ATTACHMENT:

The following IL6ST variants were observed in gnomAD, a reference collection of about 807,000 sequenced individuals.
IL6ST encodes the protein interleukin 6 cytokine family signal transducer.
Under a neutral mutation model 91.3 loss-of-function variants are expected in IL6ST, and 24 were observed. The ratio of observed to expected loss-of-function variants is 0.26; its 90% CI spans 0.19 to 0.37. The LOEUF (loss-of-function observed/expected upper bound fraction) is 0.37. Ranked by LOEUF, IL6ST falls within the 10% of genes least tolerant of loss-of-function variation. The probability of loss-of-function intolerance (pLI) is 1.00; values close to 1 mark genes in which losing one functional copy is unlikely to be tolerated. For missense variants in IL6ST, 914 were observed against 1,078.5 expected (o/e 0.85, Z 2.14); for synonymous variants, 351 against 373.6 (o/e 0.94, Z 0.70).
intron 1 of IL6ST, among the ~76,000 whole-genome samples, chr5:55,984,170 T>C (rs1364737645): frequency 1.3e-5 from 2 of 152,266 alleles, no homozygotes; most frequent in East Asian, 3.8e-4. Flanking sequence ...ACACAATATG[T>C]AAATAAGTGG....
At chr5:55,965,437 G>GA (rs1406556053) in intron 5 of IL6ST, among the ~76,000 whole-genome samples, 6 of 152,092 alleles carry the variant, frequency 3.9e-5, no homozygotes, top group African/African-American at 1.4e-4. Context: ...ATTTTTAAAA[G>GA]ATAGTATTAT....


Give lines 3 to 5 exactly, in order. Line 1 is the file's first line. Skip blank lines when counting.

Under a neutral mutation model 91.3 loss-of-function variants are expected in IL6ST, and 24 were observed. The ratio of observed to expected loss-of-function variants is 0.26; its 90% CI spans 0.19 to 0.37. The LOEUF (loss-of-function observed/expected upper bound fraction) is 0.37. Ranked by LOEUF, IL6ST falls within the 10% of genes least tolerant of loss-of-function variation. The probability of loss-of-function intolerance (pLI) is 1.00; values close to 1 mark genes in which losing one functional copy is unlikely to be tolerated. For missense variants in IL6ST, 914 were observed against 1,078.5 expected (o/e 0.85, Z 2.14); for synonymous variants, 351 against 373.6 (o/e 0.94, Z 0.70).
intron 1 of IL6ST, among the ~76,000 whole-genome samples, chr5:55,984,170 T>C (rs1364737645): frequency 1.3e-5 from 2 of 152,266 alleles, no homozygotes; most frequent in East Asian, 3.8e-4. Flanking sequence ...ACACAATATG[T>C]AAATAAGTGG....
At chr5:55,965,437 G>GA (rs1406556053) in intron 5 of IL6ST, among the ~76,000 whole-genome samples, 6 of 152,092 alleles carry the variant, frequency 3.9e-5, no homozygotes, top group African/African-American at 1.4e-4. Context: ...ATTTTTAAAA[G>GA]ATAGTATTAT....